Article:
October 15, 2017 FPI | Shall We Expect a Cold and Expensive Winter?
16 October 2017

In the first half of October, food prices in Tbilisi’s major supermarkets increased by 10.8% compared to October 2017. On a monthly basis (that is, compared to September 2017), ISET’s Retail Food Price Index increased slightly by 1.7%. On a biweekly basis, most of the prices increased, leading to a higher Retail FPI. The largest bi-weekly price changes were recorded for seasonal food products such as fresh fruit and vegetables. Prices increased the most for cucumbers (51%), eggplants (43%), and peaches (22%). Carrots (4%), sugar (3%), and pasta (1%) showed the biggest price drops.


Tbilisi’s retail markets experienced significant annual price increases in all five food categories comprising the Retail FPI: fruits and vegetables (2.0%), grocery (2.5%), non-alcoholic beverages (6.6%), meat (9.2%), and dairy products (13.1%).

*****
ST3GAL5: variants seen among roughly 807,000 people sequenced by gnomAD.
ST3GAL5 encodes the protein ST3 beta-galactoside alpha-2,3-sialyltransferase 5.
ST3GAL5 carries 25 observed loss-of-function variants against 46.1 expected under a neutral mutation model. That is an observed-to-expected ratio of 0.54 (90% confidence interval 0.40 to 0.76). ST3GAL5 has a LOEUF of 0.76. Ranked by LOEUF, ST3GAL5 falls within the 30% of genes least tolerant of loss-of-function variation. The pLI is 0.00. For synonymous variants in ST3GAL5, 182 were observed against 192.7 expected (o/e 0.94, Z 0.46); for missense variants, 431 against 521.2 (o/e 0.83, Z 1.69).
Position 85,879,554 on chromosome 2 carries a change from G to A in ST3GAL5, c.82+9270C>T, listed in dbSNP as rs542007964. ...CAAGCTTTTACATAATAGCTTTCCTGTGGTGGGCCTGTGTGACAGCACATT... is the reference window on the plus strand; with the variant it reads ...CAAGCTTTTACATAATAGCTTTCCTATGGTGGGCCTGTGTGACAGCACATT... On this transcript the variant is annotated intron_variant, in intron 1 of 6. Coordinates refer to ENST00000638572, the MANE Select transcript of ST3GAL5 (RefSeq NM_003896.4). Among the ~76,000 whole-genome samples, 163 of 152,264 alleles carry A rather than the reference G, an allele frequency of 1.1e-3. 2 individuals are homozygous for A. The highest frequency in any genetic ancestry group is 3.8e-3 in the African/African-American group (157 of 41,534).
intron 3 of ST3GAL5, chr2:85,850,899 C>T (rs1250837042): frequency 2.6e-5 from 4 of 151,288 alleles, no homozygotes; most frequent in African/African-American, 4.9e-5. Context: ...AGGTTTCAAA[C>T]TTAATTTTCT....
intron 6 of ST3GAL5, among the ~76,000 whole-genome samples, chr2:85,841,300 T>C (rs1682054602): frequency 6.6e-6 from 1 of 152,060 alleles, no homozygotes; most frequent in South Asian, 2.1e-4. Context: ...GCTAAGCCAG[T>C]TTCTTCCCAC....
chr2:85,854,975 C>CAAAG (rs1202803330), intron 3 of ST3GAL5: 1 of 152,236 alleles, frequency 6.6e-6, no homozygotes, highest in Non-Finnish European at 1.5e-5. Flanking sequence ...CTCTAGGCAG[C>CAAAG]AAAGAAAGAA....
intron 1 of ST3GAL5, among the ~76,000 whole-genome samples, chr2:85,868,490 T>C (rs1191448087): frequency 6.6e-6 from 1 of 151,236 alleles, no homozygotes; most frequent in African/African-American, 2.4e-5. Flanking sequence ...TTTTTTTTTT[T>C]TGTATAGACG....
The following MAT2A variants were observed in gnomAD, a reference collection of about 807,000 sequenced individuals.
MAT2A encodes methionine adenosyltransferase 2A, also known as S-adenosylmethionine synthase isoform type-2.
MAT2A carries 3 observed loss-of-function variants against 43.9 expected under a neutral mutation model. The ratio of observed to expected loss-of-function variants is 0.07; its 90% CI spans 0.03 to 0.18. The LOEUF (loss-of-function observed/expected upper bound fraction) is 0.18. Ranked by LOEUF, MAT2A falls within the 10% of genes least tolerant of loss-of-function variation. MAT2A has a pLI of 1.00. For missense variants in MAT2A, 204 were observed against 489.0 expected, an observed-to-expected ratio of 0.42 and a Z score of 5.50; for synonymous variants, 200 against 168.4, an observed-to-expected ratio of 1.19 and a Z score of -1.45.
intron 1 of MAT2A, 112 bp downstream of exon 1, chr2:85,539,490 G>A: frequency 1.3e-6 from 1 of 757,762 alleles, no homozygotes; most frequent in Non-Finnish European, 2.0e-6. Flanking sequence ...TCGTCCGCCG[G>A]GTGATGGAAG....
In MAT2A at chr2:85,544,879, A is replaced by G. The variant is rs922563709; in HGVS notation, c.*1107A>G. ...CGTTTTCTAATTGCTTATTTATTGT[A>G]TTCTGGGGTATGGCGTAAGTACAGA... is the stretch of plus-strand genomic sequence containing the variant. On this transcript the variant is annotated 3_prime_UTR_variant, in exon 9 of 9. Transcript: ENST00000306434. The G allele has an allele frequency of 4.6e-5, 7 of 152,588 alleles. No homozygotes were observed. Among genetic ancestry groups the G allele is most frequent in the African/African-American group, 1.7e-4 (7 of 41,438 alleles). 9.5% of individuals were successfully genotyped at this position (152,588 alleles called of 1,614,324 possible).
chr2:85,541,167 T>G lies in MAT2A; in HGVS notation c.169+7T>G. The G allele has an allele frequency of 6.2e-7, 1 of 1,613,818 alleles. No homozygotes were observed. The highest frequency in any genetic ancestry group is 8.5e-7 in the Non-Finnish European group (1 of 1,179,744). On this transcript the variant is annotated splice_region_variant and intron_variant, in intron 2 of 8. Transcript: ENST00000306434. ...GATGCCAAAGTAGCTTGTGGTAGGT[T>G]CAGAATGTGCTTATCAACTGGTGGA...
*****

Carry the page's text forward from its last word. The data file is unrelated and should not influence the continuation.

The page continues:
The most drastic price increases were observed for dairy products. One explanation might be the changes in regulations undertaken because of the Association Agreement (AA) between the EU and Georgia. Following stricter food safety regulations, on July 1st, 2017, the technical regulations for the dairy sector came into force. In addition, the recent spike in international prices might also have put additional upward pressure on prices in the dairy sector. According to the FAO’s latest data on their Dairy Price Index, dairy prices increased by 27.4% on an annual basis, reflecting supply constraints in the EU, Australia, and New Zealand.

Georgian consumers may be even more concerned about food prices, as the Georgian lari is experiencing depreciation: in October, the exchange rate between the Georgian lari and the U.S. dollar moved up from 2.36 GEL/USD to 2.48 GEL/USD, compared to the corresponding time period last year. Since Georgia is a net importer of food commodities, one might expect further price increases, especially if international trends are maintained in the future. Food spikes in early October might signal hard times for Georgian consumers in winter.